- Interventional Electrophysiology
- Device Therapy
- Cardiac Physiologists
- Arrhythmia Nursing (and Allied Professions)
Münster researchers make a fly’s heartbeat visible / Software automatically recognizes pulse
12.03.2018 | Westfälische Wilhelms-Universität Münster
3-D-written model to provide better understanding of cancer spread
05.03.2018 | Purdue University
An international team of researchers has discovered a new anti-cancer protein. The protein, called LHPP, prevents the uncontrolled proliferation of cancer cells in the liver. The researchers led by Prof. Michael N. Hall from the Biozentrum, University of Basel, report in “Nature” that LHPP can also serve as a biomarker for the diagnosis and prognosis of liver cancer.
The incidence of liver cancer, also known as hepatocellular carcinoma, is steadily increasing. In the last twenty years, the number of cases has almost doubled...
In just a few weeks from now, the Chinese space station Tiangong-1 will re-enter the Earth's atmosphere where it will to a large extent burn up. It is possible that some debris will reach the Earth's surface. Tiangong-1 is orbiting the Earth uncontrolled at a speed of approx. 29,000 km/h.Currently the prognosis relating to the time of impact currently lies within a window of several days. The scientists at Fraunhofer FHR have already been monitoring Tiangong-1 for a number of weeks with their TIRA system, one of the most powerful space observation radars in the world, with a view to supporting the German Space Situational Awareness Center and the ESA with their re-entry forecasts.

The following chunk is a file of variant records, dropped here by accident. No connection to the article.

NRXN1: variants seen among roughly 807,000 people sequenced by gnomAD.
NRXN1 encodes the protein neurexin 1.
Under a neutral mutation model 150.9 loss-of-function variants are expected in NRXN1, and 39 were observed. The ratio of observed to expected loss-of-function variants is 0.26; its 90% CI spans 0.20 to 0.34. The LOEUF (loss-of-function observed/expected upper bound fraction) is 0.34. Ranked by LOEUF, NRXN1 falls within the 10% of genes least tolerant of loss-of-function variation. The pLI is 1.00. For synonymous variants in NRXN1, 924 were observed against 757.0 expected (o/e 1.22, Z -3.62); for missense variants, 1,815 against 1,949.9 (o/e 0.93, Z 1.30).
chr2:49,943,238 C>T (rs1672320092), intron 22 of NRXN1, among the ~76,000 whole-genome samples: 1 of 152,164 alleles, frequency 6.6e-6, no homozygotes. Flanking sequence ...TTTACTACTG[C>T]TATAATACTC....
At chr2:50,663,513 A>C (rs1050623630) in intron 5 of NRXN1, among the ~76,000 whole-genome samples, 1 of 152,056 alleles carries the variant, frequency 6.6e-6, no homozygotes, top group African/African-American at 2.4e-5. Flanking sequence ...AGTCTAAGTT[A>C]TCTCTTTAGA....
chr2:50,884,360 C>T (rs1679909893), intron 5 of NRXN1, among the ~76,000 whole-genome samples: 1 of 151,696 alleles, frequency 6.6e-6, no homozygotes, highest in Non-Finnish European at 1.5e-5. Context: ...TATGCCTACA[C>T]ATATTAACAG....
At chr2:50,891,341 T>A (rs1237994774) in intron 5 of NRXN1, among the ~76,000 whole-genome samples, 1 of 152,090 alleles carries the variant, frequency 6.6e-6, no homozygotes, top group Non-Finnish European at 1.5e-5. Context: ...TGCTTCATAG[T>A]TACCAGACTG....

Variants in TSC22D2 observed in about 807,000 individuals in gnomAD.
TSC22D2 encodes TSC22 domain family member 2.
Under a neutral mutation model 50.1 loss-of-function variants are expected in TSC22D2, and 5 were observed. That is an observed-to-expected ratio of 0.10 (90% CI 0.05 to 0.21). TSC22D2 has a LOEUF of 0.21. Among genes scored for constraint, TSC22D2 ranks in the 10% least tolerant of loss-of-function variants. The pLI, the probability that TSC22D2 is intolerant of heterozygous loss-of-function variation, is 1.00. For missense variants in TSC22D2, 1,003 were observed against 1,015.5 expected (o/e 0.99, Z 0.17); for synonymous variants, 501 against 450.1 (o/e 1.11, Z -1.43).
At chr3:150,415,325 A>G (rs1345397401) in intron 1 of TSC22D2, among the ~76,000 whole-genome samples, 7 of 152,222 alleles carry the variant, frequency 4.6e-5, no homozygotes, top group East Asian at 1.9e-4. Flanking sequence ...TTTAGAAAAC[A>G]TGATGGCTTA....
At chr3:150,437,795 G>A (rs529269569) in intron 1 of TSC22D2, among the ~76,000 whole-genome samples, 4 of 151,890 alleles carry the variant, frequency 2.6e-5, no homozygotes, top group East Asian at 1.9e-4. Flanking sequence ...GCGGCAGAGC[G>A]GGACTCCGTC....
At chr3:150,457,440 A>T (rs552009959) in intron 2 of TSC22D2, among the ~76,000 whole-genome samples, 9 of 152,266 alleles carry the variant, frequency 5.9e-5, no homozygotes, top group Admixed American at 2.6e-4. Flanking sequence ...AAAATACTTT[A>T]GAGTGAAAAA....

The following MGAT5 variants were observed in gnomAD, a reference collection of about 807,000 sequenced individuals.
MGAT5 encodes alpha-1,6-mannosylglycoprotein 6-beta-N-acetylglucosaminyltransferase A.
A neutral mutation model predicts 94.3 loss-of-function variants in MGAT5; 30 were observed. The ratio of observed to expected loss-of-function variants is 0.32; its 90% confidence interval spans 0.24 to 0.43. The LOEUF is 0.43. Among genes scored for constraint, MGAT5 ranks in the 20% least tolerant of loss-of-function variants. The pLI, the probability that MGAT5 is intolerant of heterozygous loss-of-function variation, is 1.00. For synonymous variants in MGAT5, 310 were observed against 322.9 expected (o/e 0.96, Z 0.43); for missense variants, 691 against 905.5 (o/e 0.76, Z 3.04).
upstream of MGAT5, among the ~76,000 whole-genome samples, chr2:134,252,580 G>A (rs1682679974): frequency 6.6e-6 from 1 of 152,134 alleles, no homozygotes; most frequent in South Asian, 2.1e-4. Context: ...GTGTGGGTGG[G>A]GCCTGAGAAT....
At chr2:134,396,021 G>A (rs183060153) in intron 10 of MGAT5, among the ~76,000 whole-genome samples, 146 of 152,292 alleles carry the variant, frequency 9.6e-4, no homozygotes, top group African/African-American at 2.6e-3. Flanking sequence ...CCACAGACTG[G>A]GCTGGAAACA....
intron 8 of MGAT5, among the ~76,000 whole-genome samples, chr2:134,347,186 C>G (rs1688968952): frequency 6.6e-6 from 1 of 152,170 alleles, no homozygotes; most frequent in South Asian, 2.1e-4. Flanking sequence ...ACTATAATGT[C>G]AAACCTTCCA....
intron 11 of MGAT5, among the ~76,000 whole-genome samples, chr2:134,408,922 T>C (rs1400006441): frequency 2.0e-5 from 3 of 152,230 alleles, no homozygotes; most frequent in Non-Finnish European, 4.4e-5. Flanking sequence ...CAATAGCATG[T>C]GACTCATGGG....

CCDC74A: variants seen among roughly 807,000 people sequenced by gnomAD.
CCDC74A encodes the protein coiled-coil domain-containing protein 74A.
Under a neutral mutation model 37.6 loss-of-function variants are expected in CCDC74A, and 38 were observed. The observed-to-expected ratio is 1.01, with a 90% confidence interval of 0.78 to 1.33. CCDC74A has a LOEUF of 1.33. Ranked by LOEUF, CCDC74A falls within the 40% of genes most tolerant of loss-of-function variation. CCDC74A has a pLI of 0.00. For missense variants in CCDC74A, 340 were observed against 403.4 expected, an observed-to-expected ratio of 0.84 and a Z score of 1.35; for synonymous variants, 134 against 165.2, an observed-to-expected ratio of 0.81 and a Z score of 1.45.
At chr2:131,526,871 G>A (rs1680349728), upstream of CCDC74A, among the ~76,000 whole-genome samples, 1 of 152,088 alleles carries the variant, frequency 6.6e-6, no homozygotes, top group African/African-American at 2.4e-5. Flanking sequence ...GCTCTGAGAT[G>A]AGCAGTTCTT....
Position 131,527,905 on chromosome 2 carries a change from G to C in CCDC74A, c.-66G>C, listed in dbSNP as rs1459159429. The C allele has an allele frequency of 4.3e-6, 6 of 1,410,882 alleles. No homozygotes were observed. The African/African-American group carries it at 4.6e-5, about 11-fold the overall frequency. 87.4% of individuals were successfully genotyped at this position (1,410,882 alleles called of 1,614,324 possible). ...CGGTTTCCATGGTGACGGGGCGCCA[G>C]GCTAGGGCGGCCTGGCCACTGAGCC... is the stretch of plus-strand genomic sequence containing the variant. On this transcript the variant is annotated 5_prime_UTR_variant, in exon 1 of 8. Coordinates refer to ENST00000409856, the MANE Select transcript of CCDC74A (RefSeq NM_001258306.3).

Following the loss of radio contact with Tiangong-1 in 2016 and due to the low orbital height, it is now inevitable that the Chinese space station will...
Fraunhofer Institute for Organic Electronics, Electron Beam and Plasma Technology FEP, provider of research and development services for OLED lighting solutions, announces the founding of the “OLED Licht Forum” and presents latest OLED design and lighting solutions during light+building, from March 18th – 23rd, 2018 in Frankfurt a.M./Germany, at booth no. F91 in Hall 4.0.
They are united in their passion for OLED (organic light emitting diodes) lighting with all of its unique facets and application possibilities. Thus experts in...
A new scenario seeking to explain how Mars' putative oceans came and went over the last 4 billion years implies that the oceans formed several hundred million...
For the first time, an interdisciplinary team from the University of Basel has succeeded in integrating artificial organelles into the cells of live zebrafish embryos. This innovative approach using artificial organelles as cellular implants offers new potential in treating a range of diseases, as the authors report in an article published in Nature Communications.
In the cells of higher organisms, organelles such as the nucleus or mitochondria perform a range of complex functions necessary for life. In the networks of...
19.03.2018 | Event News
16.03.2018 | Event News
13.03.2018 | Event News
22.03.2018 | Trade Fair News
22.03.2018 | Earth Sciences
22.03.2018 | Earth Sciences